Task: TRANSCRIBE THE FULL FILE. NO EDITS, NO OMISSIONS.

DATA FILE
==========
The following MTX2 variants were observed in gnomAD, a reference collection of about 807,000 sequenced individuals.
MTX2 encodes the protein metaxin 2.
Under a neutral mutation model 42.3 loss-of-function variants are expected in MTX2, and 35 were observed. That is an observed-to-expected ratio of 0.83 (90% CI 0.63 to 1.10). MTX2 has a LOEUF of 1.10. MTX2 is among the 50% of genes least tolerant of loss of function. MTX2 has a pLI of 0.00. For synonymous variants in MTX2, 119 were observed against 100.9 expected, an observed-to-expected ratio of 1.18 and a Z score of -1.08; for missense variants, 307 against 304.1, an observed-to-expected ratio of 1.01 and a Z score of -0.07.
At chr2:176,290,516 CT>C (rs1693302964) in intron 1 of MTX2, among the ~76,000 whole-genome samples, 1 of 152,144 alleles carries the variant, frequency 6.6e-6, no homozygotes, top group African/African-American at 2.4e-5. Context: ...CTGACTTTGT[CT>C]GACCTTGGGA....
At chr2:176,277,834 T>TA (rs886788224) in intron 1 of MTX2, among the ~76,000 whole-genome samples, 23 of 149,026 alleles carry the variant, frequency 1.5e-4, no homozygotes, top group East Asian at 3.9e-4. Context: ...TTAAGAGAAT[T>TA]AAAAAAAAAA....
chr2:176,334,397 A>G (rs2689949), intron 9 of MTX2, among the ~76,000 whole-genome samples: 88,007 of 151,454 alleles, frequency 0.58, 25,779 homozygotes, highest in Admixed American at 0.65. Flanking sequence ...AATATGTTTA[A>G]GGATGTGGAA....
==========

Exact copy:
The following MTX2 variants were observed in gnomAD, a reference collection of about 807,000 sequenced individuals.
MTX2 encodes the protein metaxin 2.
Under a neutral mutation model 42.3 loss-of-function variants are expected in MTX2, and 35 were observed. That is an observed-to-expected ratio of 0.83 (90% CI 0.63 to 1.10). MTX2 has a LOEUF of 1.10. MTX2 is among the 50% of genes least tolerant of loss of function. MTX2 has a pLI of 0.00. For synonymous variants in MTX2, 119 were observed against 100.9 expected, an observed-to-expected ratio of 1.18 and a Z score of -1.08; for missense variants, 307 against 304.1, an observed-to-expected ratio of 1.01 and a Z score of -0.07.
At chr2:176,290,516 CT>C (rs1693302964) in intron 1 of MTX2, among the ~76,000 whole-genome samples, 1 of 152,144 alleles carries the variant, frequency 6.6e-6, no homozygotes, top group African/African-American at 2.4e-5. Context: ...CTGACTTTGT[CT>C]GACCTTGGGA....
At chr2:176,277,834 T>TA (rs886788224) in intron 1 of MTX2, among the ~76,000 whole-genome samples, 23 of 149,026 alleles carry the variant, frequency 1.5e-4, no homozygotes, top group East Asian at 3.9e-4. Context: ...TTAAGAGAAT[T>TA]AAAAAAAAAA....
chr2:176,334,397 A>G (rs2689949), intron 9 of MTX2, among the ~76,000 whole-genome samples: 88,007 of 151,454 alleles, frequency 0.58, 25,779 homozygotes, highest in Admixed American at 0.65. Flanking sequence ...AATATGTTTA[A>G]GGATGTGGAA....